Watching Kenzie play has become it’s own adventure. Seeing her imagination develop, from handing me straw that is spaghetti to interacting with “fairy dancing girls” and writing things down in an imaginary Big Book of Boo-Boos is an amazing journey for me. She hasn’t learned the limitations of what is possible, and she can pretend anything she wants, because she isn’t bogged down with responsibility or the mundane just yet.
It’s bittersweet to watch this, as I realise that I have lost my ability to do so. Yes, I can play games where aliens exist, or read books about elves, but none of that comes from my imagination. It comes from the author’s. But at the same time, there is hope. In realising that I have lost my sense of wonder and fantasy, maybe I can recover it.
And in typing that, I come to an understanding of why children are our greatest gift, to the world and to ourselves. They are the hope of a future greater than the present, they fix the problems we create. They encourage us to look beyond what we see.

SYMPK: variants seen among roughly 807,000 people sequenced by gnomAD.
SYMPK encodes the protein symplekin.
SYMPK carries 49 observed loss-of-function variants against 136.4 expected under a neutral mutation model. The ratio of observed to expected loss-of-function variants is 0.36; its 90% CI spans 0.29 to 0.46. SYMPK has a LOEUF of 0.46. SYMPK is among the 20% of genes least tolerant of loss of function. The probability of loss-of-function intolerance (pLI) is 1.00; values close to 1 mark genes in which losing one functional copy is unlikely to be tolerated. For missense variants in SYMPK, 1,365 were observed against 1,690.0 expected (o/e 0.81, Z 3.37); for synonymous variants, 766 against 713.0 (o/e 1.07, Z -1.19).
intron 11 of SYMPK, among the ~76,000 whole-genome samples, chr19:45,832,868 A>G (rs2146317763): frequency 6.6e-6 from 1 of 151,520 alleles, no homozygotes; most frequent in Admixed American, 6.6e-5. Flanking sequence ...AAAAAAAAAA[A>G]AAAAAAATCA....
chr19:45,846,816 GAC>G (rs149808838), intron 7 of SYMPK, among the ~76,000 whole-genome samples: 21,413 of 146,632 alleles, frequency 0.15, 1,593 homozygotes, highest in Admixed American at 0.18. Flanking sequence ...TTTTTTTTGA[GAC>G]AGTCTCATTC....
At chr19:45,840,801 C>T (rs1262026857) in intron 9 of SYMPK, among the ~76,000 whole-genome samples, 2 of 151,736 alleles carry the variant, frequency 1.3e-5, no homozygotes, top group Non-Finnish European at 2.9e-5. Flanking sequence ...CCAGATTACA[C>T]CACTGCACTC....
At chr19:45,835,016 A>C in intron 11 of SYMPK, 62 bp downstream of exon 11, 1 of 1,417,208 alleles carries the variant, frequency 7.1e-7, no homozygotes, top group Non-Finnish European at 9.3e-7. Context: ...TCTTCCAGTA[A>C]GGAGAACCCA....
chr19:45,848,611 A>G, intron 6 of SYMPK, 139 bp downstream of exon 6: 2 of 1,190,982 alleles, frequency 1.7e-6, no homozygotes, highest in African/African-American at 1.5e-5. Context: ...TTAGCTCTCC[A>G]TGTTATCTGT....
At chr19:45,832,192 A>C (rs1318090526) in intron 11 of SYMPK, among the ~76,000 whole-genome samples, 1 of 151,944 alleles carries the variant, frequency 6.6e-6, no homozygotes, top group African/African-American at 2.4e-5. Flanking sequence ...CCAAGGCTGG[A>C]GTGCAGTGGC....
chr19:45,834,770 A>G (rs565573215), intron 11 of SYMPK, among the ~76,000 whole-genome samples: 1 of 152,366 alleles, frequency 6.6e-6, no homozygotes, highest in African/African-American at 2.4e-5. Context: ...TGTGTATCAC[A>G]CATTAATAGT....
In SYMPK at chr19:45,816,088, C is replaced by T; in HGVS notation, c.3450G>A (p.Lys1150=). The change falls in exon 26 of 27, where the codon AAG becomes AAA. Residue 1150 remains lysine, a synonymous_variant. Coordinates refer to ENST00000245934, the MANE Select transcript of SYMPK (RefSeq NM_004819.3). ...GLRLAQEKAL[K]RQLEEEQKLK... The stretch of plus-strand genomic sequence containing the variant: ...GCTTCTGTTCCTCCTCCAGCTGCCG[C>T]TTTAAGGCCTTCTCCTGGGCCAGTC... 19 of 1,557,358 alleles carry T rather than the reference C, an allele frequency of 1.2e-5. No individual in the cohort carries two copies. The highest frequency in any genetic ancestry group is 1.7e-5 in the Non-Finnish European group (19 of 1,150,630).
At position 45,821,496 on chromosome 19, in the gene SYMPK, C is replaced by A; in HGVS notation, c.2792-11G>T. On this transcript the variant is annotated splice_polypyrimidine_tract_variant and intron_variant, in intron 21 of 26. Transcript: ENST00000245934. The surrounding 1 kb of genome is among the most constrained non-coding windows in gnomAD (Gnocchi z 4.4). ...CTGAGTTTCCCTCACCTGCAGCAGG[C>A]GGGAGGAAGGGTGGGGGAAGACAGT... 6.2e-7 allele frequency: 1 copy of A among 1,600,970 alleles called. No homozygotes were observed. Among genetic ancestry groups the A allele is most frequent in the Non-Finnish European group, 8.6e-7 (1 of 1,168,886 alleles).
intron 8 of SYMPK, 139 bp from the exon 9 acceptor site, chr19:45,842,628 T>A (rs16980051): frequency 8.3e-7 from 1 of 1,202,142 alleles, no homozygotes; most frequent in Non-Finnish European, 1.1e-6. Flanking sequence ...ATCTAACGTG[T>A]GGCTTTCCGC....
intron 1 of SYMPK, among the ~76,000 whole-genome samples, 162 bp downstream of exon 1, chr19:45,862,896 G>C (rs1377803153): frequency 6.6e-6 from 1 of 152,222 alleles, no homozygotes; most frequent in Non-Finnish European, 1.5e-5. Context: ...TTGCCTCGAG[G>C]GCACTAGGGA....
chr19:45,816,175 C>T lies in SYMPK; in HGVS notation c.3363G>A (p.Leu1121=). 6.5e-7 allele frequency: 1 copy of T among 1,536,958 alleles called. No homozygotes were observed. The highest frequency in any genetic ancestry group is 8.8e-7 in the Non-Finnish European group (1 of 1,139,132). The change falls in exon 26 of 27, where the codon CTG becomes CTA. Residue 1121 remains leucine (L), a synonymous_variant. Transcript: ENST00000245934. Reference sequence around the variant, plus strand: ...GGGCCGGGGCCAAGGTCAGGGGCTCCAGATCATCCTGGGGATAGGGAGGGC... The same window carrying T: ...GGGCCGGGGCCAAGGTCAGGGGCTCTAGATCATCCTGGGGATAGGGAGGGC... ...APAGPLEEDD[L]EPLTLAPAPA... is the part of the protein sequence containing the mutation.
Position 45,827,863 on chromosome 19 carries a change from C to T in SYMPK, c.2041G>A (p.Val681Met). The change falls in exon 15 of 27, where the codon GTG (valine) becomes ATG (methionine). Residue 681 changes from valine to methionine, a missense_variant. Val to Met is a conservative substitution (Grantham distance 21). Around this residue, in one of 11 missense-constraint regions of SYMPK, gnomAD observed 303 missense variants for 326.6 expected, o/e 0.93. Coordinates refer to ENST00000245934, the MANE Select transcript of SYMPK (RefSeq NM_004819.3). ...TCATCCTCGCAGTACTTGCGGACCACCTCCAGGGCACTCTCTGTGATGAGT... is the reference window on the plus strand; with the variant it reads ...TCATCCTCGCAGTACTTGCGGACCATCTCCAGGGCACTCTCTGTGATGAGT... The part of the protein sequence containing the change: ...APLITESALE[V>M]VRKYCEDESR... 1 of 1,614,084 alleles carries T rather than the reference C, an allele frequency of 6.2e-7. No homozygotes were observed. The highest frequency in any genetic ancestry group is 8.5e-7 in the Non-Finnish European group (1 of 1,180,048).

I dread the day Kenzie suffers her first broken heart, her first life altering disappointment, or the loss of a loved one. I just know her eyes will shine a little less bright that day, and her imagination will take a back seat as she comes to terms with a fact all adults have had to – life is brutal.
I’ve failed in recent times to shield her from this, worse, I have been the cause of some of the problems she has faced. Going forward I want to delay her having to deal with that as much as possible so she can have the best possible chance of maintaining her amazing imagination.